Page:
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The most encouraging aspect of the book, to this reviewer, is already implicit in the title. "Practical Training" is surely the aspect of therapy which seems likely in the present state of our knowledge to offer most promise for the amelioration of the lot and the useful function of the severely handicapped child. As was amply demonstrated at the most recent meeting of the American Academy of Cerebral Palsy in November 1966, regimes of "therapy" which claim to be capable of a fundamental alteration of the natural processes underlying established mental defect and cerebral palsy as yet merit merely the verdict of "not proven".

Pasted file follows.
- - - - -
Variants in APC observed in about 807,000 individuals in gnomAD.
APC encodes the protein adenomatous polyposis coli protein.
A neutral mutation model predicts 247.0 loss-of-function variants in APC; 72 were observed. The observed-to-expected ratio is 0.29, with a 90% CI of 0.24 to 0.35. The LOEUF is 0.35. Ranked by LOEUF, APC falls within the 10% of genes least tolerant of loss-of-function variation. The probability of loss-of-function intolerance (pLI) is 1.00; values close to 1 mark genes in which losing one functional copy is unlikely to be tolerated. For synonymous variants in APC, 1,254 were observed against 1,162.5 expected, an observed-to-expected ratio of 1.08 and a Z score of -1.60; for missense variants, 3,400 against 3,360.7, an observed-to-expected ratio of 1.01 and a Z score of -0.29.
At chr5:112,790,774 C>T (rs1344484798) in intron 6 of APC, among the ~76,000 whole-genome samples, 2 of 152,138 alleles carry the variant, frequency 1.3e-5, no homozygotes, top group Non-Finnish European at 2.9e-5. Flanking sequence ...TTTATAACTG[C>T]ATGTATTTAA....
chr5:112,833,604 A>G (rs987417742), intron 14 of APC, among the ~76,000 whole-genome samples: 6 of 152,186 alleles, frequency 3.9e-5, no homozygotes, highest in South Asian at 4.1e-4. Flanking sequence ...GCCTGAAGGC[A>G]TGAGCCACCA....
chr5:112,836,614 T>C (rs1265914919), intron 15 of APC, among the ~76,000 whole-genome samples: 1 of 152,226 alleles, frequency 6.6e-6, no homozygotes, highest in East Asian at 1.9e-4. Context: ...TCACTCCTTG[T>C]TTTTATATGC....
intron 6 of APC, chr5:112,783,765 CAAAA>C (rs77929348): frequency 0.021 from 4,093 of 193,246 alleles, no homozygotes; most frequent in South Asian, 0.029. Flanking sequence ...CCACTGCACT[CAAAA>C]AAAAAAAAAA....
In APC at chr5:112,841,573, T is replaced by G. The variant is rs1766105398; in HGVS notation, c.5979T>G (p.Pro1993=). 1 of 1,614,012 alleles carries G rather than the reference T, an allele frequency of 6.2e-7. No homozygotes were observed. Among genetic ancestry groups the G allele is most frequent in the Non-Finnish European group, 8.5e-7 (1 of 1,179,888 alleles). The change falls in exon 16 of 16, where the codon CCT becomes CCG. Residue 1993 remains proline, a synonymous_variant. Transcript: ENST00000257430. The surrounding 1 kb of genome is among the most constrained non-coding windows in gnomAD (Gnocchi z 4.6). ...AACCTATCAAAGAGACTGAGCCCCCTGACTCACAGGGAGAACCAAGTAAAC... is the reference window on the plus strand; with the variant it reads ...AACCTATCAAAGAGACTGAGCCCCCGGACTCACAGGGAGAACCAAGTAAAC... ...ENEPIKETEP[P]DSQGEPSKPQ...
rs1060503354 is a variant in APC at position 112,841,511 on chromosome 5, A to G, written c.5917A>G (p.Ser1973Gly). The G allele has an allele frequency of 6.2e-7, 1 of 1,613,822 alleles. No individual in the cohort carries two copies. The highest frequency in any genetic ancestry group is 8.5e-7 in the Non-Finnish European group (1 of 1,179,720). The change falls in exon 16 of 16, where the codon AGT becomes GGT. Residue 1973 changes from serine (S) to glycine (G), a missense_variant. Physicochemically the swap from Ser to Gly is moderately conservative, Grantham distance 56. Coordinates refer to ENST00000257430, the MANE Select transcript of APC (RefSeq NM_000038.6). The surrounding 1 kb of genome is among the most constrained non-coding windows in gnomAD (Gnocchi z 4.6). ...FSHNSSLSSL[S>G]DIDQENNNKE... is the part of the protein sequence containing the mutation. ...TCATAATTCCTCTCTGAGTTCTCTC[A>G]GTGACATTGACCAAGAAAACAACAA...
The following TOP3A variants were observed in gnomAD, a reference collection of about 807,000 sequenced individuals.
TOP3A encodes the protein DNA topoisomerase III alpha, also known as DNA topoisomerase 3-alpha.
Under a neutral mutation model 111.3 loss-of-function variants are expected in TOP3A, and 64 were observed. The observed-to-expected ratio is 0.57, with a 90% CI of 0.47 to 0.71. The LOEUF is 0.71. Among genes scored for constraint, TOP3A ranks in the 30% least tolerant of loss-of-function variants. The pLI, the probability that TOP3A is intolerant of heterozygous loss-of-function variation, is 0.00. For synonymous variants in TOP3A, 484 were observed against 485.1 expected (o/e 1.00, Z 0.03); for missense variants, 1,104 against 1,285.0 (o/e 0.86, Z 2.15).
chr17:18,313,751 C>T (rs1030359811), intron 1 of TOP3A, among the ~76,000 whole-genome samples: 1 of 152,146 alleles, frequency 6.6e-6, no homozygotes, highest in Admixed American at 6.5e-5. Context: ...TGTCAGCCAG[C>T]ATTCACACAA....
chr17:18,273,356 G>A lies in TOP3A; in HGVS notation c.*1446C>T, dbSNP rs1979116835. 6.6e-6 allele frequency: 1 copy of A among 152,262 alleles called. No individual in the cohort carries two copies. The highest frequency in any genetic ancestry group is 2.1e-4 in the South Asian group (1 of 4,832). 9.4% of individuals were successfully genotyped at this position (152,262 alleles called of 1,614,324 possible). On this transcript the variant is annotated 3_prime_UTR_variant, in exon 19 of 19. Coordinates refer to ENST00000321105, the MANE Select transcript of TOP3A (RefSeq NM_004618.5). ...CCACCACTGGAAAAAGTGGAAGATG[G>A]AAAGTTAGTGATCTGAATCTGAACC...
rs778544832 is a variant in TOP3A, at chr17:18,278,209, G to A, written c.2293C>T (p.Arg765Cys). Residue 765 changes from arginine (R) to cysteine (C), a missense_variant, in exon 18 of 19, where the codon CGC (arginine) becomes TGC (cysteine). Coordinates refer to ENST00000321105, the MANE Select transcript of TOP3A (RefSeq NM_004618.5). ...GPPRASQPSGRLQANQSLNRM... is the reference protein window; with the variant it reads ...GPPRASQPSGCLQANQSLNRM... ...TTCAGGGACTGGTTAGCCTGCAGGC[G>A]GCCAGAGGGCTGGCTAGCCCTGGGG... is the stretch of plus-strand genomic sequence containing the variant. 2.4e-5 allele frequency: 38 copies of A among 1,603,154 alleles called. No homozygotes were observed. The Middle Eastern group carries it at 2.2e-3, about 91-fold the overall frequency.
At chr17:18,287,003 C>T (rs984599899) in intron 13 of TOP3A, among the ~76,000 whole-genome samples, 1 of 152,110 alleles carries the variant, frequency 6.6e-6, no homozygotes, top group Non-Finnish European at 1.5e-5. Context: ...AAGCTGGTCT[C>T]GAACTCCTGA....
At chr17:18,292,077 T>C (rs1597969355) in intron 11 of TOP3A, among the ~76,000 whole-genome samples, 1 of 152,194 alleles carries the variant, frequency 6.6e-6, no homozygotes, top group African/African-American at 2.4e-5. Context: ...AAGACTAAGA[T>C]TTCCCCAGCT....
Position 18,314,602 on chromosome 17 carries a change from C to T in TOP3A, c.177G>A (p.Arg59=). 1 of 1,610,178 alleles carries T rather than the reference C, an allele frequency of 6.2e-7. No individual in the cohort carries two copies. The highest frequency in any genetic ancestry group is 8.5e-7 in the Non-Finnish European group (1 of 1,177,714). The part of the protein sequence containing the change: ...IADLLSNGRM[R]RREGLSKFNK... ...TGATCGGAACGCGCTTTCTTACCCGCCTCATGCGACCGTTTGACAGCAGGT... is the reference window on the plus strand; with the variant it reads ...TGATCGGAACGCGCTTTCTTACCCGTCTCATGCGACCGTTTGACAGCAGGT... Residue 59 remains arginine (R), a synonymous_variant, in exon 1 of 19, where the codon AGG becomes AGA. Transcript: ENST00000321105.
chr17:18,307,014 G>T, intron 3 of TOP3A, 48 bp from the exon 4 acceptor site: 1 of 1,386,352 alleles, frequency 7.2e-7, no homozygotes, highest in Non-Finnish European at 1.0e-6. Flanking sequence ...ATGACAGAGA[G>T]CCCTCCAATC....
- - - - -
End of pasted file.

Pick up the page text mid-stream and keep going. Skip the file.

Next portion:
This little book, as indeed is true for all publications from the Spastics Society, is stimulating and provocative. This is, however, not to say that the theories and practices it invokes should automatically be accepted as being of undoubted validity.
In passing, it seems rather unnecessary
GRANT DK. Practical Training for the Severely Handicapped Child. Am J Dis Child. 1967;113(6):743–744. doi:10.1001/archpedi.1967.02090210157023
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